The Perfect Marriage

Relationships rely on interactions. Traditionally, people and business interacted through appointments, phone calls, mail or email. Online presence and social media pushed these traditional boundaries, forcing sales, marketing and customer service teams to monitor, communicate and engage with customers online and use online chat, Facebook or Twitter.

CRM solutions are the natural hub to orchestrate all these interactions in an effective and intelligent way, assuring that we are able to manage relationships despite of the diversity of channels available. However, the human being is still limited in the number of interactions he can handle. IoT is changing the landscape dramatically as our “things” are becoming proactive and learning to interact on our behalf.

The main entities that are often associated with CRM are “companies” and “contacts”. However, CRM already manages our “things”. Loyalty cards, resources, facilities and vehicles are just examples of entities being managed in CRM systems. In fact, every company that manages assets under guarantees, service agreements, and maintenance or field service contracts should certainly use a CRM system. At my company, we have a customer that is a good example of this, as they manage roughly 1 million coffee capsule machines on Microsoft Dynamics CRM.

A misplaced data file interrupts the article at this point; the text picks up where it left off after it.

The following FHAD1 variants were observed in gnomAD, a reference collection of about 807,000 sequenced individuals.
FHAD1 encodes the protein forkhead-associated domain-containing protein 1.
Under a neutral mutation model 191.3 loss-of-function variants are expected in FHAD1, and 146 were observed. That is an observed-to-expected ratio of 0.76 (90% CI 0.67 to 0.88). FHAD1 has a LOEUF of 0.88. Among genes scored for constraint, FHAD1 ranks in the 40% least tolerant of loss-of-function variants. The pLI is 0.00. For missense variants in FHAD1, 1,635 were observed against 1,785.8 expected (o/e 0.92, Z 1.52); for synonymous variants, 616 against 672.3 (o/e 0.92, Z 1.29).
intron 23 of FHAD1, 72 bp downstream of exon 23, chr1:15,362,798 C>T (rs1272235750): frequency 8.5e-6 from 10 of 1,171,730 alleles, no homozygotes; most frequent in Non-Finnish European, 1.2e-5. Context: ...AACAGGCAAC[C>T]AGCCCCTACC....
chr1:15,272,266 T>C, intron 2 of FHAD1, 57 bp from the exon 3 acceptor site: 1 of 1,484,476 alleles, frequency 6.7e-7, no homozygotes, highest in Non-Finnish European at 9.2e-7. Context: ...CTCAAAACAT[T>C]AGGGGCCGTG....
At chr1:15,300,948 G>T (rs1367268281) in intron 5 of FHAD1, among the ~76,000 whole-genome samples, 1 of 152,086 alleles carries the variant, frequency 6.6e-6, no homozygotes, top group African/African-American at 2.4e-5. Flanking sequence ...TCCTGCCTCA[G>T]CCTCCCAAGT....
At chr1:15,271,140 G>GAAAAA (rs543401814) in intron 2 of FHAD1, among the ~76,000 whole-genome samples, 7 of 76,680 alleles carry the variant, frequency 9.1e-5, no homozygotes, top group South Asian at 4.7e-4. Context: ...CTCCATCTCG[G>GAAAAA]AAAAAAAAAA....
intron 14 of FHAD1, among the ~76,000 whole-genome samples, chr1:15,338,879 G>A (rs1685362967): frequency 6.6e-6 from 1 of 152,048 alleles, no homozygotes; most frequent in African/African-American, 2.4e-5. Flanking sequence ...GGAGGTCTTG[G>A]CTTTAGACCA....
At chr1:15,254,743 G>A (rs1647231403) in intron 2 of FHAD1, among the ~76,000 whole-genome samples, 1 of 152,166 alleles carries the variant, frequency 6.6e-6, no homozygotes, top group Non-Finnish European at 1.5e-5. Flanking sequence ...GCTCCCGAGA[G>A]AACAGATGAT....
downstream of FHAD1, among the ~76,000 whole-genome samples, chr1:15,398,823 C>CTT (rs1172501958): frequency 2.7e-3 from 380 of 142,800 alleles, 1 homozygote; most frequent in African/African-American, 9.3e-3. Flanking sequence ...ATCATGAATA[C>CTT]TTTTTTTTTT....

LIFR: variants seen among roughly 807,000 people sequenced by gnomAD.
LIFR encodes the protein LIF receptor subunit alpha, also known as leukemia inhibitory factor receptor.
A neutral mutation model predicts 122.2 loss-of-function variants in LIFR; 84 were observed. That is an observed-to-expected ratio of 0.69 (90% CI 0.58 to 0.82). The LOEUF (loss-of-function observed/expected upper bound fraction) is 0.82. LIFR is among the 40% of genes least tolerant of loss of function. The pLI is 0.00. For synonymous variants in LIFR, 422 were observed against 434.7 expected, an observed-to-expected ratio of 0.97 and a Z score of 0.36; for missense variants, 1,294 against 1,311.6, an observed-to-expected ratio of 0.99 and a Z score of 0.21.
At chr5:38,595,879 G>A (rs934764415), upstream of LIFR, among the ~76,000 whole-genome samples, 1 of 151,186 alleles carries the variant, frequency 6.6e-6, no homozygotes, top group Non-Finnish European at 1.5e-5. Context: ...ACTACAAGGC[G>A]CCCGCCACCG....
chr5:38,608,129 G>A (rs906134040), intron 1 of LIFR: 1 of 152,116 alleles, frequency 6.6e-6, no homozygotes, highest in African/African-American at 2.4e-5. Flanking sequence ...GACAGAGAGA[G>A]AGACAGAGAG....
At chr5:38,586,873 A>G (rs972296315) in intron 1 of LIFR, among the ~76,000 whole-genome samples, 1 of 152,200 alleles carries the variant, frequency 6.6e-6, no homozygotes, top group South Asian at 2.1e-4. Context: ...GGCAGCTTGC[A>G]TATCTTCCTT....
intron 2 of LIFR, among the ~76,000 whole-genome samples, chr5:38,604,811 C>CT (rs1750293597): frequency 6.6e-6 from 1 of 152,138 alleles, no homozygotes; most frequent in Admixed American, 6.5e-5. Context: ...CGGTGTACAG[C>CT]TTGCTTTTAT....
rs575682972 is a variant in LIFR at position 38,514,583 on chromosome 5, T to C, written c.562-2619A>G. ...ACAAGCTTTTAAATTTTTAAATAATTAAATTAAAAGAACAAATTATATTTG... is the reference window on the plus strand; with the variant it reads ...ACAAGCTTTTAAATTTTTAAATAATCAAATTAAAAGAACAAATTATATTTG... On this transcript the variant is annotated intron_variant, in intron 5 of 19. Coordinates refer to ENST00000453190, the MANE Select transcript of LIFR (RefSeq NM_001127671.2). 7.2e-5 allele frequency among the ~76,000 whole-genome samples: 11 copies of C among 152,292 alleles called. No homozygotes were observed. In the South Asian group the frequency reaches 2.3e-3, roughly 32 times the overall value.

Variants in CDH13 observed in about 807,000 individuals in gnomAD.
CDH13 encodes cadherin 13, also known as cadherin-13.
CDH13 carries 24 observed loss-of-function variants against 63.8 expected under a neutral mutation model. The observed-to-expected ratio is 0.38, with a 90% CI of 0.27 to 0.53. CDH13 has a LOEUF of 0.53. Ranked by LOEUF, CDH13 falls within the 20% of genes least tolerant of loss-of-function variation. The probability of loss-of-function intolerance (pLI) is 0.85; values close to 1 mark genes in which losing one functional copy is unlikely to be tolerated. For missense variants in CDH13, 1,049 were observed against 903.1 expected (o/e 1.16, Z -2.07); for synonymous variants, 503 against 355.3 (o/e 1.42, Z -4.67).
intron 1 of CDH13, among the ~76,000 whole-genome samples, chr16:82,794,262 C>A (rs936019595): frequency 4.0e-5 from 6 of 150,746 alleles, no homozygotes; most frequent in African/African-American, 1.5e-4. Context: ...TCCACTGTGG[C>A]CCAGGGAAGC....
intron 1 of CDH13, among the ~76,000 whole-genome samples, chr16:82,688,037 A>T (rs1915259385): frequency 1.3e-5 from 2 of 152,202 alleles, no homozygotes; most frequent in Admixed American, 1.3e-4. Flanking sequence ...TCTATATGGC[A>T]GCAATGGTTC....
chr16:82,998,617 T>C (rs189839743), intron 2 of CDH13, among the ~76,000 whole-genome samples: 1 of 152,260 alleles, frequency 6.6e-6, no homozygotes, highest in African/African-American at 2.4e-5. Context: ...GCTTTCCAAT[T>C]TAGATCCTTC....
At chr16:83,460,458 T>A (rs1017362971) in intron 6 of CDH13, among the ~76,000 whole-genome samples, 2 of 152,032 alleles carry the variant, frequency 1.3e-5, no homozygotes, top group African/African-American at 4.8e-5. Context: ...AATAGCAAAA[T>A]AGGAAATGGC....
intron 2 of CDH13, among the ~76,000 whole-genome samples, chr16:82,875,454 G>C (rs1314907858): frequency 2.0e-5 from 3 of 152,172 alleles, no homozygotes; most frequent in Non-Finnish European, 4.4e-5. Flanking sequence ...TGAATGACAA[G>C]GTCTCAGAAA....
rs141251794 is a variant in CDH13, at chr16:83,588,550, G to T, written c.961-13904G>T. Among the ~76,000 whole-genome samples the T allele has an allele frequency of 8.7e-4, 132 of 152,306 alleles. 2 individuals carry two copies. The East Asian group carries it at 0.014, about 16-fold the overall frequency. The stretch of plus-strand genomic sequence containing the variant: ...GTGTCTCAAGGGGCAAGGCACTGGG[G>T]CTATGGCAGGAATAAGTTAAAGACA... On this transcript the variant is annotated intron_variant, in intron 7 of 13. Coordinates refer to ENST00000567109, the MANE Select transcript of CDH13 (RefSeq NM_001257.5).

What really matters is that these business processes managed on CRM will improve significantly with IoT, as traditional touchpoints might be eliminated but customers’ expectations will be even higher. Let´s examine these challenges:

Challenges for CRM


  1. Rich and Contextual Data: The IoT generates significant quantities of data. Within the proper context, data turns into valuable business information about customer needs, behaviors, location or patterns. CRM can take advantage of this information to anticipate opportunities and create specific tailored services for each customer; however, powerful analytical capabilities must be assured. Cloud services such as the ones provided by Microsoft Azure are important for facilitating the connection of different sources and devices across platforms and for providing advanced analytics capabilities.
  2. Real-Time Interaction: IoT provides real-time interaction. This demands more from a CRM in terms of workflows and process automation in order to improve lead-times and increase customer satisfaction.
  3. Predictive Service: Sensors, chips or tags built into IoT devices can detect potential problems and trigger maintenance requests, which affects warranties and SLAs in addition to allowing the monitoring of the device’s performance. The traditional business scenario of an agent receiving an inbound call and opening a case on his CRM will be replaced by events generated from connected devices, which trigger workflows, notifications and outbound calls if necessary.
  4. Support for Marketing and Sales: As companies learn more about how and where customers are using the products that have been purchased, marketing strategies can incorporate more accurate and timely data about customer needs and behaviors. CRMs should be able to transform insight into action. CRMs should also be proactive about when a product is approaching the end of its lifecycle and needs renewing.